Saturday, September 22, 2012

Indie Writer Overload...and what to do about it.

As an independent writer, the last couple of years have been extremely exciting. If you do a Google search or visit any one of the multitude of blogs out there you will find a plethora of enthusiastic articles about how great it is for indie writers these days, the many options, avenues and tools that are at their disposal.

And it’s true! This is indeed an exciting time for writers whose work is out of the ordinary or transcends genres. With the global economic crisis, many mainstream publishers have shored up the defences, preferring to exercise restraint rather than risk. Unless you were the next Dan Brown, chances are you would have a long wait ahead of you.

I myself have not been at this for a very long time, indie publishing that is. I’ve been writing for many years, creating, improving. I’m still at the beginning of my indie campaign to recruit legions of readers. With this post, I just wanted to share some of the thoughts I have to this point, some little insights. You will find articles like this all over the place, virtual pages where writers have outlined their thoughts. Well, these are mine. I’m still learning of course, but it is always a good idea to take stock with my mental quartermaster.

When I set about doing this, I thought Well, what do I have to lose? The publishing is free (depending on who you go with). No sense being armed with a novel or two and not marching out!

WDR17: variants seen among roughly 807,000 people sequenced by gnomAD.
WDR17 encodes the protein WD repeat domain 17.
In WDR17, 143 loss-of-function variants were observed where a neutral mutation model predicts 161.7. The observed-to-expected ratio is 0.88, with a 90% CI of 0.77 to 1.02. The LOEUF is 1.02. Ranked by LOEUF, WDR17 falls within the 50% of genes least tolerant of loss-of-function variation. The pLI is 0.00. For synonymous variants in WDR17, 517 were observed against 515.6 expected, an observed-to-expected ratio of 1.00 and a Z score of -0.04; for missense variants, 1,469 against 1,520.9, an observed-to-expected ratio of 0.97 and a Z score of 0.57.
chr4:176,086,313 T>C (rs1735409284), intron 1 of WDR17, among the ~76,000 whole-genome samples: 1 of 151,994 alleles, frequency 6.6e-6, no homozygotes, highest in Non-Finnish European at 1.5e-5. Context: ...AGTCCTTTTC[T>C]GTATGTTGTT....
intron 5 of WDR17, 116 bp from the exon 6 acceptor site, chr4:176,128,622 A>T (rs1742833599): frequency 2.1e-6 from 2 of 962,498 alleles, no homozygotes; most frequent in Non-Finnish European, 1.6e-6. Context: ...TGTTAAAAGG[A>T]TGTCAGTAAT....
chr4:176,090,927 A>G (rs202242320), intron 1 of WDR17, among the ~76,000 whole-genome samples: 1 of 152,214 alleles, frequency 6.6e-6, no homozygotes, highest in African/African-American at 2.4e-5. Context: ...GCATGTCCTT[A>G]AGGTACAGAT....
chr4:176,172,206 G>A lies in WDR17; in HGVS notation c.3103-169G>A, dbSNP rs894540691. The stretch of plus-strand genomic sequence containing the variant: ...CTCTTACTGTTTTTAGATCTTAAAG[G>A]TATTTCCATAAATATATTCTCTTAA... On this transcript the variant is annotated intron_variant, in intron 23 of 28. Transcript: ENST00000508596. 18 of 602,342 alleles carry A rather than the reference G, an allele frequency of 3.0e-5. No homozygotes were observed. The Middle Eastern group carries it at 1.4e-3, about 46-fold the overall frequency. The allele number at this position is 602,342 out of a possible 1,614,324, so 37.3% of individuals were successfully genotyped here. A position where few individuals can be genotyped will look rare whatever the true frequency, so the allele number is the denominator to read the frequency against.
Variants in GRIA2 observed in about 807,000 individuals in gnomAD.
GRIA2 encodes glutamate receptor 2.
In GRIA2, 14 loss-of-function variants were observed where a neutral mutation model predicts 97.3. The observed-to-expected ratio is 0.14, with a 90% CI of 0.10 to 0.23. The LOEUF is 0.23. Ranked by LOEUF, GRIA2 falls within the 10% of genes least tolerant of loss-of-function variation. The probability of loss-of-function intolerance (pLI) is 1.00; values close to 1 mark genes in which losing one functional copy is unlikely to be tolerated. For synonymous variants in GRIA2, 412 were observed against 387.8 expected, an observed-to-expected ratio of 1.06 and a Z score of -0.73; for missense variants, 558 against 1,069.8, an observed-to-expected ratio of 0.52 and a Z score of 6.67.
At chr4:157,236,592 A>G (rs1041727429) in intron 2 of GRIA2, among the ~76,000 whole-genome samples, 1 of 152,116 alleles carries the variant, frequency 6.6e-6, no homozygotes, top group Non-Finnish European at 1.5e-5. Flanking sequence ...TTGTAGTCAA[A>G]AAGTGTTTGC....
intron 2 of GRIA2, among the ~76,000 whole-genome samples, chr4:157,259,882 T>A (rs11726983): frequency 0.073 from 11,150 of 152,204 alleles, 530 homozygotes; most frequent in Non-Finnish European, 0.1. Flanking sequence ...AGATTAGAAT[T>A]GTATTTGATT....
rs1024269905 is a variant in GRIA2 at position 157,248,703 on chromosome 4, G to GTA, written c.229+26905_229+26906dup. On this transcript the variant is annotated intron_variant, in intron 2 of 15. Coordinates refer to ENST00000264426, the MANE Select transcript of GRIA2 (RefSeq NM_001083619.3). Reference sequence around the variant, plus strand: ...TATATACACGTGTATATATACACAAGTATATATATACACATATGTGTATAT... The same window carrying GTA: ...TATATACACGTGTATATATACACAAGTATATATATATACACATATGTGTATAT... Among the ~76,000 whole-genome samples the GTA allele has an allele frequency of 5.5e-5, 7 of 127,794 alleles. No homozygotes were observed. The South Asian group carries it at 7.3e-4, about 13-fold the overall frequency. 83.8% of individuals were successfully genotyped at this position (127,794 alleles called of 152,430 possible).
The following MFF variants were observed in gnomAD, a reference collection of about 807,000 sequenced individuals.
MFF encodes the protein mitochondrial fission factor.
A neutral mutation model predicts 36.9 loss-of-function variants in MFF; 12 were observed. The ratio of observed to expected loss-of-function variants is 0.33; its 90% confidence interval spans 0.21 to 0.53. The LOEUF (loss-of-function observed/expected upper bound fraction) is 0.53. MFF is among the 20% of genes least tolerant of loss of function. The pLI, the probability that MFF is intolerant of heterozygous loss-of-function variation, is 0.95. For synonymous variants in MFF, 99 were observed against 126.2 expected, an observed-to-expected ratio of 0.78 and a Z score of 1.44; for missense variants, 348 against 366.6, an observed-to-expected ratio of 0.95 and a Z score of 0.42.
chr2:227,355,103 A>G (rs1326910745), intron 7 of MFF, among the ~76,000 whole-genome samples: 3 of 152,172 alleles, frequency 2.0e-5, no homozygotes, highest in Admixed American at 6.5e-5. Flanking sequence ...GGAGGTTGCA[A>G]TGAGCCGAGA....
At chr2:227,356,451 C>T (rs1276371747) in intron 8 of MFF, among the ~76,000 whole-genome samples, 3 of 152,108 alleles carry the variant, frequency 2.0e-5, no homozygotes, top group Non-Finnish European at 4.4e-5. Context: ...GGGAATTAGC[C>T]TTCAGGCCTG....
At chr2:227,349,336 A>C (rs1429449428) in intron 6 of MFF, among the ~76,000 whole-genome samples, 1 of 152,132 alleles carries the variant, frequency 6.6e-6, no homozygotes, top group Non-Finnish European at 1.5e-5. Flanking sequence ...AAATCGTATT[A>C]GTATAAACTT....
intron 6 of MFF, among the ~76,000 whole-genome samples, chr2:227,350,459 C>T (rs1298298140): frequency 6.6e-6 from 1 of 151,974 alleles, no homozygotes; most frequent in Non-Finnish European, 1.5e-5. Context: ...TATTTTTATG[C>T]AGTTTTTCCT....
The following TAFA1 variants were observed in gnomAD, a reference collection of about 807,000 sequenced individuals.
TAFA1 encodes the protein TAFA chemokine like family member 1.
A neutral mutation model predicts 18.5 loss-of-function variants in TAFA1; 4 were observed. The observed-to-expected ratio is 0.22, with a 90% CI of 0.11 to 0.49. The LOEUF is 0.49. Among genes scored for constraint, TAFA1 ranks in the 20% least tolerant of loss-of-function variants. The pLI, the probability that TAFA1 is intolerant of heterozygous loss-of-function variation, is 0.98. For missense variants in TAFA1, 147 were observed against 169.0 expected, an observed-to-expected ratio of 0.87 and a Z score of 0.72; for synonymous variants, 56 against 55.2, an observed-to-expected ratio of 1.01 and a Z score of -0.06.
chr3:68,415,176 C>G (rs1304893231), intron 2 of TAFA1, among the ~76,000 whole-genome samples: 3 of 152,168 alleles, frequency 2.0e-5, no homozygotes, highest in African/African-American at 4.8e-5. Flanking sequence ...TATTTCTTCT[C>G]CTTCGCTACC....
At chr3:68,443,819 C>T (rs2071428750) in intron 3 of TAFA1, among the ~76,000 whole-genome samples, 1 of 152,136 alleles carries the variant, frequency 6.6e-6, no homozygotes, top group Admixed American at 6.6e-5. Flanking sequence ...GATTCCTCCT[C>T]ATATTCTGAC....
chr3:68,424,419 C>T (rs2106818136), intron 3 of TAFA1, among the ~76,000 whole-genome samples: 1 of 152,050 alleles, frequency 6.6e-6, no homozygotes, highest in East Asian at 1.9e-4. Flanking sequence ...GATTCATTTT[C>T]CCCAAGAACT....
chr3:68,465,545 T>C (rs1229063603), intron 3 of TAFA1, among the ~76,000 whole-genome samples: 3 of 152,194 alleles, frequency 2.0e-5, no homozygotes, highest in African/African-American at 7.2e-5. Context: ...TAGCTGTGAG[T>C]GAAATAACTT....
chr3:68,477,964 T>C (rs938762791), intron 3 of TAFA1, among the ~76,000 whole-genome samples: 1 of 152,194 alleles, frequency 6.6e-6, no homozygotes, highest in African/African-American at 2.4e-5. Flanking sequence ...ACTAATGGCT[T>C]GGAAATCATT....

Little did I know how much work it would turn into. More options and avenues means more choices which means more work. And that’s fine since anything having to do with my writing doesn’t really feel like work in the usual sense. But there are times when my mind is spinning and no amount of list making or spreadsheet creation will help me get things in order. A bottle of Chianti is more likely to help.

There is no end to the tools at an indie writer’s disposal. You’ve got a host of self-publishing sites, blogs and do-it-yourself websites, reader-writer interactive websites like Goodreads and of course, the social media fortresses of Facebook, Google+, Twitter, LinkedIn, Pinterest and many more. Storming each of these can spread you pretty thinly. But that is not all.

Just because the book is written doesn’t mean you are finished. Some say that is the hardest part but I’m not sure I agree anymore. Being an ‘indie’ writer means that you are just that, ‘independent’; which means that unless you have some extra cash flow or a small money tree in your backyard, you will be going it alone.

So, on to formatting and cover creation, ISBN assignments and book trailer creation, book launches, guest blogs (here is mine), deadlines and endless revisions of critical paths. And then there is the marketing which involves all of the above avenues, online, offline, in person, on walls and well, in your sleep, because you rarely stop thinking about all of it. I never really knew about marketing before my indie campaign and I am still learning but it is a whole new world that every indie author needs to become familiar with. One site I have found particularly helpful is . Check it out.